EAST RUTHERFORD, N.J. — Archie Manning had reason to fear the worst when middle son Peyton first attempted throwing a football following his September 2011 spinal-fusion surgery in his bid to continue his historic career.
"I didn't think he'd make it back to play again," Archie Manning told USA TODAY Sports during Super Bowl week. "I knew he had a long ways to go. And I knew this about Peyton: He didn't have to be totally 100%. But I knew he had to get up there where he felt he could play.
"He wasn't going to try to fool anybody and be 60%. So I knew he wouldn't do that, and he would end his career."
The warning for the former New Orleans Saints quarterback, who along with wife Olivia raised sons Cooper, Peyton and New York Giants two-time Super Bowl-winning quarterback Eli, was that Cooper's promising career as a University of Mississippi freshman ended with his serious neck issue.
"After what happened to Cooper, Peyton said he'd never take playing football for granted," Archie Manning said. "Still, 14 years with the Colts was a good career. But he wasn't ready for it to end."
Two seasons later, the 37-year-old Denver Broncos quarterback chases his second Lombardi Trophy in Super Bowl XLVIII after breaking the single-season record for touchdowns (55) and yards (5,477).
Win or lose Sunday night against the Seattle Seahawks, Manning insisted several times this week that if his neck checks out in a March examination, he'll return for more.
His dad smiles while reflecting on how far Peyton has come from perhaps having played his last game 16 months ago to earning his fifth league MVP. He is playing better than ever while surrounded with the strongest cast of weaponry in receivers Demaryius Thomas, Eric Decker, Wes Welker, tight end Julius Thomas and 1,000-yard running back Knowshon Moreno.
"No, I don't think he'll be retiring after this Super Bowl," Archie Manning said. "Peyton is having too much fun. The good Lord blessed him. And wherever his arm strength, whether it's 80, or 85 or 90%, he's good enough to play the way he is. And we're all grateful."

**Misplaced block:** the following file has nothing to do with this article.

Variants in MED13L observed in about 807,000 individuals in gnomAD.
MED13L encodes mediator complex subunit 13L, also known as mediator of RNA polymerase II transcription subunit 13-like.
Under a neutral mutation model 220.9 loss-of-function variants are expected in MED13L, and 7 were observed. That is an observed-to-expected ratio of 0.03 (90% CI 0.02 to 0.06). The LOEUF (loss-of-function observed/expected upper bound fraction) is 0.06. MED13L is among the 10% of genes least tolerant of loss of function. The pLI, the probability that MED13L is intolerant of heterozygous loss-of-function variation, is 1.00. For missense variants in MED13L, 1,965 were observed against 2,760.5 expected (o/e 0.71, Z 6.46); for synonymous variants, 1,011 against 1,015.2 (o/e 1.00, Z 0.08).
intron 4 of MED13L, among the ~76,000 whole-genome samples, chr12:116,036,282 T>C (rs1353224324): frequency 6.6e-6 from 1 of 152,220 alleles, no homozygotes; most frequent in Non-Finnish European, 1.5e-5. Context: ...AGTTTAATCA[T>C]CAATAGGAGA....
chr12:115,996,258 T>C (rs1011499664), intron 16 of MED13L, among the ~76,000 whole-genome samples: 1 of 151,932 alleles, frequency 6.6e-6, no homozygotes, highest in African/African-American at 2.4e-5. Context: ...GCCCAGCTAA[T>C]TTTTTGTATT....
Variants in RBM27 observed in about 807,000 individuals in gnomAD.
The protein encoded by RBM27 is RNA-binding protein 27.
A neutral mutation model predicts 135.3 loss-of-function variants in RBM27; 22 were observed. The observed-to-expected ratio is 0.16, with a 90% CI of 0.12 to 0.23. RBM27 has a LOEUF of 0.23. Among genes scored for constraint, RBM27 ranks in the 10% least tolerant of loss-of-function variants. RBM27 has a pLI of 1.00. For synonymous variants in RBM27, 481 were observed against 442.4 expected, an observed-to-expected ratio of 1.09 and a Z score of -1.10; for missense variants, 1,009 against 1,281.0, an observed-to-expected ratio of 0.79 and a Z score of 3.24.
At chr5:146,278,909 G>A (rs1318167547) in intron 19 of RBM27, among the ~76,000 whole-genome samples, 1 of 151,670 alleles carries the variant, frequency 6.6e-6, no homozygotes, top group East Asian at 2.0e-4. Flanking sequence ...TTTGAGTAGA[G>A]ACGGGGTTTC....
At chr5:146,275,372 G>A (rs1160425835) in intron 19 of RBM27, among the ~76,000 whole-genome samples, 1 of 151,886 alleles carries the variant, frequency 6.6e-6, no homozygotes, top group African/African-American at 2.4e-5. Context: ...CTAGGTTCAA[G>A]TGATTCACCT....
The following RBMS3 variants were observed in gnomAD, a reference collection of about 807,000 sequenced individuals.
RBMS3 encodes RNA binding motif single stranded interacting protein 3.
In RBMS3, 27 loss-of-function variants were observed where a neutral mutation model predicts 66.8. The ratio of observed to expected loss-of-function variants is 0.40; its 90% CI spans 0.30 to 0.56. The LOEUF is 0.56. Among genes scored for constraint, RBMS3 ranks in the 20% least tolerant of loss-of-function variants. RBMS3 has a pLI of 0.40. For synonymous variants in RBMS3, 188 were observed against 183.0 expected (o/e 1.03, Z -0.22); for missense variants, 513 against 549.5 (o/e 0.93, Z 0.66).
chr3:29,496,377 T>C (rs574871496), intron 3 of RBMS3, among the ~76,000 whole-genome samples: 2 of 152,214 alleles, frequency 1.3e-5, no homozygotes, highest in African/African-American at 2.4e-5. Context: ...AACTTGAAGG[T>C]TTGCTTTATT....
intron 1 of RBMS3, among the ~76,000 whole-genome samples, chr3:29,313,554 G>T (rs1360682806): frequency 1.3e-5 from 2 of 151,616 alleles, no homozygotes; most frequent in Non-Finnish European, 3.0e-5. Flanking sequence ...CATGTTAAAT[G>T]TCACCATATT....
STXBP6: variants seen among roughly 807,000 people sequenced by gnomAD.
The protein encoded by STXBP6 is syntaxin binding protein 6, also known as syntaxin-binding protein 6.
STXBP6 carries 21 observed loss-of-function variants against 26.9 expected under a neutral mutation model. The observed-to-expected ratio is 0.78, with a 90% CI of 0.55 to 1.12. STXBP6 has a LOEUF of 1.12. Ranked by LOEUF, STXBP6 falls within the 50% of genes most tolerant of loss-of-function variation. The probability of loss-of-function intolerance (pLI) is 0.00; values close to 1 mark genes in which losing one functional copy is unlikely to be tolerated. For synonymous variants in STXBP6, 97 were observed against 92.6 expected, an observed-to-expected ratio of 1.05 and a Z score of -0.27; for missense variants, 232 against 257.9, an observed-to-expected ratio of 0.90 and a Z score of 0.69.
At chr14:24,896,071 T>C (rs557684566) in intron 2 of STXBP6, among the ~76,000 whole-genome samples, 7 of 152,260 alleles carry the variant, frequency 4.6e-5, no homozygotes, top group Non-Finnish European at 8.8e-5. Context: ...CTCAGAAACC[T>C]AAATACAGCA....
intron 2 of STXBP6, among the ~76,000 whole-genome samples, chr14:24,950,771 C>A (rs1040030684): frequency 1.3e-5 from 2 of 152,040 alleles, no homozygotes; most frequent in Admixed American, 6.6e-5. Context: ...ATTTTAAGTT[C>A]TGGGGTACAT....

This Super Bowl is a referendum on the contrasting quarterback styles of Manning, the classic pocket passer, versus the new-age, dual-threat Russell Wilson, who at 5-11, 206 pounds is running to throw.
Former Colts general manager Bill Polian, who selected Manning first overall in the 1998 draft, says that despite their stark physical and stylistic differences – Manning is 6-5, 230 pounds – they are similar.
"They couldn't be more disparate in style of play or build," Polian, now an ESPN analyst, said. "But the thing that makes them ultimately winners is that they're kindred spirits when it comes to intelligence, preparation, leadership and dedication on and off the field. And that's ultimately the hallmark of a good quarterback you look for as an evaluator: Are you a good decision maker with the ball in your hand? These guys are."
Senior Bowl executive director Phil Savage says that savvy decision making is what league evaluators will be seeking in this 2014 draft class,which features prospects Teddy Bridgewater of Louisville, Blake Bortles of Central Florida, Johnny Manziel of Texas A&M and Derek Carr of Fresno State.
"This Super Bowl shows the league is capable of having these contrasting quarterback styles be successful," Savage said. "There's no Peyton Manning in this class. But there might be a few Russell Wilsons who could go outside the top 10 in the second, third round. All the quarterbacks in this draft are going to need to play complementary football. Johnny Manziel is really a smaller Brett Favre."
Manning had a season for the ages, while Wilson, 25, is just getting started.
"Whether he wins this Super Bowl or not, Peyton is going to be considered a Mount Rushmore quarterback these younger quarterbacks like Russell aspire to become," two-time Super Bowl winner Jim Plunkett said.
"Archie and I came out of college together in 1971. If his health remains good, I don't see why Peyton would walk away. Because he's playing better than he's ever played in his life."